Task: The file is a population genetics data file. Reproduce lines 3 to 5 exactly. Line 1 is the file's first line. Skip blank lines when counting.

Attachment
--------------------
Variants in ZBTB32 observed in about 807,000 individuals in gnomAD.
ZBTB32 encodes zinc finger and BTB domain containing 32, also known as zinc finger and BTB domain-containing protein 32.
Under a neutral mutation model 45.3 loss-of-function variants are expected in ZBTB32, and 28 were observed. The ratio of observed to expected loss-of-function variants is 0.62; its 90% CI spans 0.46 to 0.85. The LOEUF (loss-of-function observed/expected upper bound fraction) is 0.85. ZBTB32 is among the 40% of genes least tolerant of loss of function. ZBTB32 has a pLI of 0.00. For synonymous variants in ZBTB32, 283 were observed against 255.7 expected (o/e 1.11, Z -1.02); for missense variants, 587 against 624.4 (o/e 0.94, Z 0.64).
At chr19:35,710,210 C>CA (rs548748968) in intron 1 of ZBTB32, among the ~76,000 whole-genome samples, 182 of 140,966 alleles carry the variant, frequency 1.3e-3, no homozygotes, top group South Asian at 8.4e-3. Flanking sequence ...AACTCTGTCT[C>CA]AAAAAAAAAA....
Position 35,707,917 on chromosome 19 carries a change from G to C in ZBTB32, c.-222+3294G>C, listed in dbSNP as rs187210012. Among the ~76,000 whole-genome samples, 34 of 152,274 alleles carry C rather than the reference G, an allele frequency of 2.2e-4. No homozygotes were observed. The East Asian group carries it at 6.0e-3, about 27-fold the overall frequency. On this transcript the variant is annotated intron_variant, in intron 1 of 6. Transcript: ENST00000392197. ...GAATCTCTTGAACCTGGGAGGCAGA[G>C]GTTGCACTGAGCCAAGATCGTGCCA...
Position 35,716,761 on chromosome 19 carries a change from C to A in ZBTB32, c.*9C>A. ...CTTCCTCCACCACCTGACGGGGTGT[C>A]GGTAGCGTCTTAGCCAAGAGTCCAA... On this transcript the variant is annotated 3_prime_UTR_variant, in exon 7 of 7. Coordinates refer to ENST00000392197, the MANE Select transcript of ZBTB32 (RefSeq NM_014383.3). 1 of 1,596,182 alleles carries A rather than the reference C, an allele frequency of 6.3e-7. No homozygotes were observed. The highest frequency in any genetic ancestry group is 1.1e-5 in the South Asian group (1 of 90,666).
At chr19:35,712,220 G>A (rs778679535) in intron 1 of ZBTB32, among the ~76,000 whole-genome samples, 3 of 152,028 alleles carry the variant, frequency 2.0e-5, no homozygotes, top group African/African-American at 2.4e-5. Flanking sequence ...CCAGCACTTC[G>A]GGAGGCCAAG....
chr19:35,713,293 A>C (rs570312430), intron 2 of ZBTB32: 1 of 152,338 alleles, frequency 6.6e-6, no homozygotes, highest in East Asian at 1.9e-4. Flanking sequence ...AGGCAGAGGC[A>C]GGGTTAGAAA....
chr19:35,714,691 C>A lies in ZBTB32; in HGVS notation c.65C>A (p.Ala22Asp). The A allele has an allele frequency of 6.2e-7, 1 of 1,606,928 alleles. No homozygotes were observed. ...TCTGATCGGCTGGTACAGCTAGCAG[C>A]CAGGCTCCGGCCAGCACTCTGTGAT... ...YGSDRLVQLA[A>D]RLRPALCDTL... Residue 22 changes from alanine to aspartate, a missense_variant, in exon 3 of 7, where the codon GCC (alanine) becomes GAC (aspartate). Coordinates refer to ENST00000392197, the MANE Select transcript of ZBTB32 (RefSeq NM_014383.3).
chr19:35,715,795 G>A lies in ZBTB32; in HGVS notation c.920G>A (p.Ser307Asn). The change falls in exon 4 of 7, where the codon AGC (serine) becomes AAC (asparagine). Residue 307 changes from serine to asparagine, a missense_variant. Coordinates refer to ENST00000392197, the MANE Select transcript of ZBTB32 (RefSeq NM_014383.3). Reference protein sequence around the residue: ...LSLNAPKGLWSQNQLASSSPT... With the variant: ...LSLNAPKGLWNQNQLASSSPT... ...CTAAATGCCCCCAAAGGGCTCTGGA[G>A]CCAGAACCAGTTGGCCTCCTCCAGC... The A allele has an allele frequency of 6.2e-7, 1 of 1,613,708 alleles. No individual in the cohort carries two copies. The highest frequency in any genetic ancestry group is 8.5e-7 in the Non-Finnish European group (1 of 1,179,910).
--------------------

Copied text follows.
Under a neutral mutation model 45.3 loss-of-function variants are expected in ZBTB32, and 28 were observed. The ratio of observed to expected loss-of-function variants is 0.62; its 90% CI spans 0.46 to 0.85. The LOEUF (loss-of-function observed/expected upper bound fraction) is 0.85. ZBTB32 is among the 40% of genes least tolerant of loss of function. ZBTB32 has a pLI of 0.00. For synonymous variants in ZBTB32, 283 were observed against 255.7 expected (o/e 1.11, Z -1.02); for missense variants, 587 against 624.4 (o/e 0.94, Z 0.64).
At chr19:35,710,210 C>CA (rs548748968) in intron 1 of ZBTB32, among the ~76,000 whole-genome samples, 182 of 140,966 alleles carry the variant, frequency 1.3e-3, no homozygotes, top group South Asian at 8.4e-3. Flanking sequence ...AACTCTGTCT[C>CA]AAAAAAAAAA....
Position 35,707,917 on chromosome 19 carries a change from G to C in ZBTB32, c.-222+3294G>C, listed in dbSNP as rs187210012. Among the ~76,000 whole-genome samples, 34 of 152,274 alleles carry C rather than the reference G, an allele frequency of 2.2e-4. No homozygotes were observed. The East Asian group carries it at 6.0e-3, about 27-fold the overall frequency. On this transcript the variant is annotated intron_variant, in intron 1 of 6. Transcript: ENST00000392197. ...GAATCTCTTGAACCTGGGAGGCAGA[G>C]GTTGCACTGAGCCAAGATCGTGCCA...